Since September has been declared Suicide Prevention month we are publishing this blog to support information and resources available for families and veterans from the website VeteransCrisisLine.net.
The banner and video below show the concept of The Power of One and how much it can make a difference in saving the lives of those who risked their lives for us. Below those is a checklist of Learning How to Recognize the Signs that a veteran needs help.
One of the most important areas of this Veterans Crisis website is Learn How to Recognize the Signs. We are reproducing the complete text here so that we can get the information out and possible help a veteran now. We are posting the link to this blog on our Facebook page (http://www.Facebook.com/VTGolden) and ask that you share it with others who may appreciate knowing this information.
Learn to Recognize the SignsMany Veterans may not show any signs of intent to harm themselves before doing so, but some actions can be a sign that a Veteran needs help. Veterans in crisis may show behaviors that indicate a risk of harming themselves.
Veterans who are considering suicide often show signs of depression, anxiety, low self-esteem, and/or hopelessness, such as:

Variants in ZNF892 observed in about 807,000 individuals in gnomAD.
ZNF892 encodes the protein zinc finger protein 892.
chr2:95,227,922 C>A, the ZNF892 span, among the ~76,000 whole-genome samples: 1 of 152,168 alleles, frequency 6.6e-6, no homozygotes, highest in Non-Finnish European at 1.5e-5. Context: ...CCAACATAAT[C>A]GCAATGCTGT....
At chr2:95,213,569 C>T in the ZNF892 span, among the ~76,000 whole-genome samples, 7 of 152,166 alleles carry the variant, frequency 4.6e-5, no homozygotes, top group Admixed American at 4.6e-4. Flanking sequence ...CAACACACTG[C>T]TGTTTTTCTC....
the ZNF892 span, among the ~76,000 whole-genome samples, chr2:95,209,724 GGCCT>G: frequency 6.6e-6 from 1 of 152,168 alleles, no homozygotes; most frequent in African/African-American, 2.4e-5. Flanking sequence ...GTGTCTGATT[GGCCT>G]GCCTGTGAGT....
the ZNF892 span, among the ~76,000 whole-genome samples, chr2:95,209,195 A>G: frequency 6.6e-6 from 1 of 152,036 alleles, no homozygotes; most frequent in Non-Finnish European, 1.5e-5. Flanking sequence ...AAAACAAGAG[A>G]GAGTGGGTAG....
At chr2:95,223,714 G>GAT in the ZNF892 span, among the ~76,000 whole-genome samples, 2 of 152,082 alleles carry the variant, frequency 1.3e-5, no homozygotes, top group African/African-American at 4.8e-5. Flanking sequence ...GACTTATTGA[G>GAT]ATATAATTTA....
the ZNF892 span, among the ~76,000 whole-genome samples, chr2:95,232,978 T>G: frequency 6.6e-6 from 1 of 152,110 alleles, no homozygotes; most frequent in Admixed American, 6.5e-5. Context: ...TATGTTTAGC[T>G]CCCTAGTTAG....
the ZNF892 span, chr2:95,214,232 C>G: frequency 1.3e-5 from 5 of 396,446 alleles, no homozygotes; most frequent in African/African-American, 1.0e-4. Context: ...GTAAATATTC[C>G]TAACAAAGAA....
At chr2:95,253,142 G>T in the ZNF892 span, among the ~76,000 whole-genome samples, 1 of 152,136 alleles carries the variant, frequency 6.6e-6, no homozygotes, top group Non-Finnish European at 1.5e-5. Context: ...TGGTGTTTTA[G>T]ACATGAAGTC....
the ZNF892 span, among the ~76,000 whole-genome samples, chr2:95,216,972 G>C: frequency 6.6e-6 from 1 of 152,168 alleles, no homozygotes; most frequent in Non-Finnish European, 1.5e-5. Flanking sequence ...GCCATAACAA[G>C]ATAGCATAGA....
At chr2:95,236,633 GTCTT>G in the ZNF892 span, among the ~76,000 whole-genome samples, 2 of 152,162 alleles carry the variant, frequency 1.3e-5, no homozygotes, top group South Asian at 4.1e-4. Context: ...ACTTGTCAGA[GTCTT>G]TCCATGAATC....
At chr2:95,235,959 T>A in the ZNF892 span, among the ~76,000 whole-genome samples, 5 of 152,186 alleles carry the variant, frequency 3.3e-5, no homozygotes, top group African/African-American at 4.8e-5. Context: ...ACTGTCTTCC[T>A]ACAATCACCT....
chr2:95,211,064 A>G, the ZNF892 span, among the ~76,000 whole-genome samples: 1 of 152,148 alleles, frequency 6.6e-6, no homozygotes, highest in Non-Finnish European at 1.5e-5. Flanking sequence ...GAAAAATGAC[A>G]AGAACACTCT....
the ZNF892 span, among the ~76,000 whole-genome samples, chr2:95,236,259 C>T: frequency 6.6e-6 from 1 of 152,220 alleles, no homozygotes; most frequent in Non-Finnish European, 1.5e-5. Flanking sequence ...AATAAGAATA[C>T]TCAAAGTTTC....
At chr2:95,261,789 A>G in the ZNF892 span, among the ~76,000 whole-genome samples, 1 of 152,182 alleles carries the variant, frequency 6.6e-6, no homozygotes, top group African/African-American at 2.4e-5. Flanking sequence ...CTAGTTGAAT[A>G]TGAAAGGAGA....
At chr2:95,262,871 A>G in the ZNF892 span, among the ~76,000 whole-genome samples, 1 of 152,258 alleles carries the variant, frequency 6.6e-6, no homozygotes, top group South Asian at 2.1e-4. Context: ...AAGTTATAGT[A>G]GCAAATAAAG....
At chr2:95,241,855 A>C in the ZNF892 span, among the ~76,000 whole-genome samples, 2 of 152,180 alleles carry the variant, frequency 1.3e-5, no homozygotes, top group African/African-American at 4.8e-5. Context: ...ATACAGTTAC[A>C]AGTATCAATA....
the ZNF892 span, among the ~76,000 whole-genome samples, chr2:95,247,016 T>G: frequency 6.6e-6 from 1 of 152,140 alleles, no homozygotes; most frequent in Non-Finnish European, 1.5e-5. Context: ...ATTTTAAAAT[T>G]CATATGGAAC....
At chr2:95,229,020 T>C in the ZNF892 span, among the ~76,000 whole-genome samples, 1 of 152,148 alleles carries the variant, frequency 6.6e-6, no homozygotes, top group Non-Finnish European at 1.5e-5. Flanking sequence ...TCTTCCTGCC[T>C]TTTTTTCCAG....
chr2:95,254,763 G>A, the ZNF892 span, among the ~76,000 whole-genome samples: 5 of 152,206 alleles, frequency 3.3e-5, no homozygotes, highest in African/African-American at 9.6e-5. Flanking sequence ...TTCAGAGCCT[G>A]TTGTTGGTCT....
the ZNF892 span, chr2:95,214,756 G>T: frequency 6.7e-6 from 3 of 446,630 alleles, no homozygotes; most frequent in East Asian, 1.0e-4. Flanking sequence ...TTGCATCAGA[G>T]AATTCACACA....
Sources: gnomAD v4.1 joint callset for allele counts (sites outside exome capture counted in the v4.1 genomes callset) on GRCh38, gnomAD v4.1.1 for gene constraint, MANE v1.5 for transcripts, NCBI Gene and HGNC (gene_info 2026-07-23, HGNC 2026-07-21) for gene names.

- Appearing sad or depressed most of the time
- Clinical depression: deep sadness, loss of interest, trouble sleeping and eating—that doesn’t go away or continues to get worse
- Feeling anxious, agitated, or unable to sleep
- Neglecting personal welfare, deteriorating physical appearance
- Withdrawing from friends, family, and society, or sleeping all the time
- Losing interest in hobbies, work, school, or other things one used to care about
- Frequent and dramatic mood changes
- Expressing feelings of excessive guilt or shame
- Feelings of failure or decreased performance
- Feeling that life is not worth living, having no sense of purpose in life
- Talk about feeling trapped—like there is no way out of a situation
- Having feelings of desperation, and saying that there’s no solution to their problems
- Performing poorly at work or school
- Acting recklessly or engaging in risky activities—seemingly without thinking
- Showing violent behavior such as punching holes in walls, getting into fights or self-destructive violence; feeling rage or uncontrolled anger or seeking revenge
- Looking as though one has a “death wish,” tempting fate by taking risks that could lead to death, such as driving fast or running red lights
- Giving away prized possessions
- Putting affairs in order, tying up loose ends, and/or making out a will
- Seeking access to firearms, pills, or other means of harming oneself
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